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Egyptian blogger sentenced to four years prison

Kareem Amer, the Egyptian blogger who has been detained since November for opinions he expressed on his blog, has just been sentenced to FOUR years in prison: three years for contempt of religion, and one year for defaming the Egyptian president (via Johan Norberg, who only yesterday spoke at a rally in solidarity with Kareem in front of the Egyptian embassy in Stockholm).

Kareem Amer, the online pseudonym for former law student Abdul Kareem Suleiman Amer, who had argued for secularism, free speech and women's rights, is the first Egyptian to be put on trial for Internet-based journalism, and, as such, today's verdict may set a frightening precedent. For one, it's a sharp reminder that dictatorships are catching up with Web 2.0...

Update 20:42: Here's Kareem's blog, translated by Google, a bit more on the statements he was condemned for here.

Swedish blogggers and others protesting
against Kareem's trial and for freedom of speech

(photo via Fredrik Malm's blog)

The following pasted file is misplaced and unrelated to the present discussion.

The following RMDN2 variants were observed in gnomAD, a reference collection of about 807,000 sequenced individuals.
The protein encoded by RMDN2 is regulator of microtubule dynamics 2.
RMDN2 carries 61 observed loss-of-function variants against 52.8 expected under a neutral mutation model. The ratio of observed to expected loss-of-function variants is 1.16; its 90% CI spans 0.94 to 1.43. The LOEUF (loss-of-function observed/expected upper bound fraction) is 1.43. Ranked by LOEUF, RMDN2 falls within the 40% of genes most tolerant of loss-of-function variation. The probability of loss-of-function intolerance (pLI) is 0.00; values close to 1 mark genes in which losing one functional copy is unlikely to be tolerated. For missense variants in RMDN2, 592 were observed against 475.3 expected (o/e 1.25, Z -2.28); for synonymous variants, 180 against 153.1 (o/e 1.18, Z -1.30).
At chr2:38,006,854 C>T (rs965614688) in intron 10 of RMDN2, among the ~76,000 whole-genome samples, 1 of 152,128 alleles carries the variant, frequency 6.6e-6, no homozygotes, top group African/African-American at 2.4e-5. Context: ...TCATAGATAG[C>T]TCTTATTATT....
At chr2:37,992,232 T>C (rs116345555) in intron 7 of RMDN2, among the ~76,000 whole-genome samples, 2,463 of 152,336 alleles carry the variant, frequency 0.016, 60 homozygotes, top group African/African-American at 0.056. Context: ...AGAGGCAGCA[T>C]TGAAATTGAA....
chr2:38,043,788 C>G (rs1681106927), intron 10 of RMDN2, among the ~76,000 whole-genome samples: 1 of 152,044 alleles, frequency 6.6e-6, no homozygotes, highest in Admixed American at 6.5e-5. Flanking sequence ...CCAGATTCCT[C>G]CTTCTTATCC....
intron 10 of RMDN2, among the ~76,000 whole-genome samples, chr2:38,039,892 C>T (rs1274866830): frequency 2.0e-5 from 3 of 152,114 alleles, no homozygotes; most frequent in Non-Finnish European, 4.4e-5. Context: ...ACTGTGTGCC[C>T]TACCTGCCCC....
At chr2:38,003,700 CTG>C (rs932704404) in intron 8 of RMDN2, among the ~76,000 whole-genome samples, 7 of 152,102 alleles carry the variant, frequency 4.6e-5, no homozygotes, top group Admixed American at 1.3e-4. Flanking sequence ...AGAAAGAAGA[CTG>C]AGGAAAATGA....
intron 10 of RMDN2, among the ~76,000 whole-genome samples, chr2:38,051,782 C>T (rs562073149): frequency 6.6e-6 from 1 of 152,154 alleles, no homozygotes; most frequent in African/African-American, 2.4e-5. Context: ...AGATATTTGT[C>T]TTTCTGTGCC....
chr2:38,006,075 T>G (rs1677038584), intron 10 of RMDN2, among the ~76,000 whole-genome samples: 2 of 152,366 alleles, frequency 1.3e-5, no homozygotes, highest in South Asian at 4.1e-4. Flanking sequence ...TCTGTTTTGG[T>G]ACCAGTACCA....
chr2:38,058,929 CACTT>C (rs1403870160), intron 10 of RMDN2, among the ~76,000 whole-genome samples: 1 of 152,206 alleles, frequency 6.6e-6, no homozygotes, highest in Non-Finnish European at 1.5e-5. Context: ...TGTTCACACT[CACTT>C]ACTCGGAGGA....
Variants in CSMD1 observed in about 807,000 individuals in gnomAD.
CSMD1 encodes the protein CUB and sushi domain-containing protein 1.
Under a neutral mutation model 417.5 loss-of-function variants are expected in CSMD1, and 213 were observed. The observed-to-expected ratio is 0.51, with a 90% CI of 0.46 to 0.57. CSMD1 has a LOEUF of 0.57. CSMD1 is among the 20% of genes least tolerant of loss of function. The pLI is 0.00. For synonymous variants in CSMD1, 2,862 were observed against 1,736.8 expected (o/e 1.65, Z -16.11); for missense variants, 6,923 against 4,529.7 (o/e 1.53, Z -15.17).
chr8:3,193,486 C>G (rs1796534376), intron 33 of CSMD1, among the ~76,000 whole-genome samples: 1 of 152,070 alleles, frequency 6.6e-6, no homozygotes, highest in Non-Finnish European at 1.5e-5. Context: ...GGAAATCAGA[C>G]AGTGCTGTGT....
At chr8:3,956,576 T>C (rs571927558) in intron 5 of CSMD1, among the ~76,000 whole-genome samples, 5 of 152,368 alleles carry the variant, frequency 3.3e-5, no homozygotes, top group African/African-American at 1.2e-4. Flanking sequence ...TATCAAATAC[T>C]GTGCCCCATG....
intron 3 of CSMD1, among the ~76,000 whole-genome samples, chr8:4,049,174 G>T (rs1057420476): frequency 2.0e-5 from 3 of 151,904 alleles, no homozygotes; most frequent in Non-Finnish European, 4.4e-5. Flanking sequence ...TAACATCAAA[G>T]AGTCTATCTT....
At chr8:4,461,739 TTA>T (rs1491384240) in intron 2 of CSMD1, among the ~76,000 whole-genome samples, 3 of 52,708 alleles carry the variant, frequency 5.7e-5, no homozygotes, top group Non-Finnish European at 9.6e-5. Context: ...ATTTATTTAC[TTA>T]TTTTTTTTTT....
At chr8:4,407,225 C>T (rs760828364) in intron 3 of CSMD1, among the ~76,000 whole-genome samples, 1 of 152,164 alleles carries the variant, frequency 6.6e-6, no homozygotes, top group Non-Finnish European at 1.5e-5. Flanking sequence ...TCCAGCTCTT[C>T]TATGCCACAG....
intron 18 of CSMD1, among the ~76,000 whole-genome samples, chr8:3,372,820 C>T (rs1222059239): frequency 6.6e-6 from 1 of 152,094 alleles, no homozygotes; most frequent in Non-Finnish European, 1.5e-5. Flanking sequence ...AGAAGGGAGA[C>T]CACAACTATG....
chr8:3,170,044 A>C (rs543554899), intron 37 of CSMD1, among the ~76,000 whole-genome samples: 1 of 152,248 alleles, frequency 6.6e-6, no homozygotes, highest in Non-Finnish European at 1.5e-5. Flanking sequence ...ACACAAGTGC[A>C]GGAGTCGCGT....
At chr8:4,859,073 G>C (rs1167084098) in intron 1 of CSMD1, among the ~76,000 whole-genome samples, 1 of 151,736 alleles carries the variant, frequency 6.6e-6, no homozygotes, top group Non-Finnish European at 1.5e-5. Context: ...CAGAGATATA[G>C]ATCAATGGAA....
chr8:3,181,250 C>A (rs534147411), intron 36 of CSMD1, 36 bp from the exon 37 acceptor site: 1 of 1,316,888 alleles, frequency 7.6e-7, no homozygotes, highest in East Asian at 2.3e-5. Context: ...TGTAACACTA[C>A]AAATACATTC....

This is a losing battle by repressive governments. Activists will find a way to get their message out, no matter what. Although there is technology to find the dissidents, better technology exists to hide one's tracks.

I want to blog about this: I followed the links you gave looking for posts of his that might have been translated into English or are in English, but I couldn't find any. Any help you could give on that matter would be appreciated.

Krishna: I do hope you're right.

Ashok: see the updates on the blog post

Yeah, I found something helpful here, too:

I'm trying to get a friend that knows Arabic to find and translate one of his posts.

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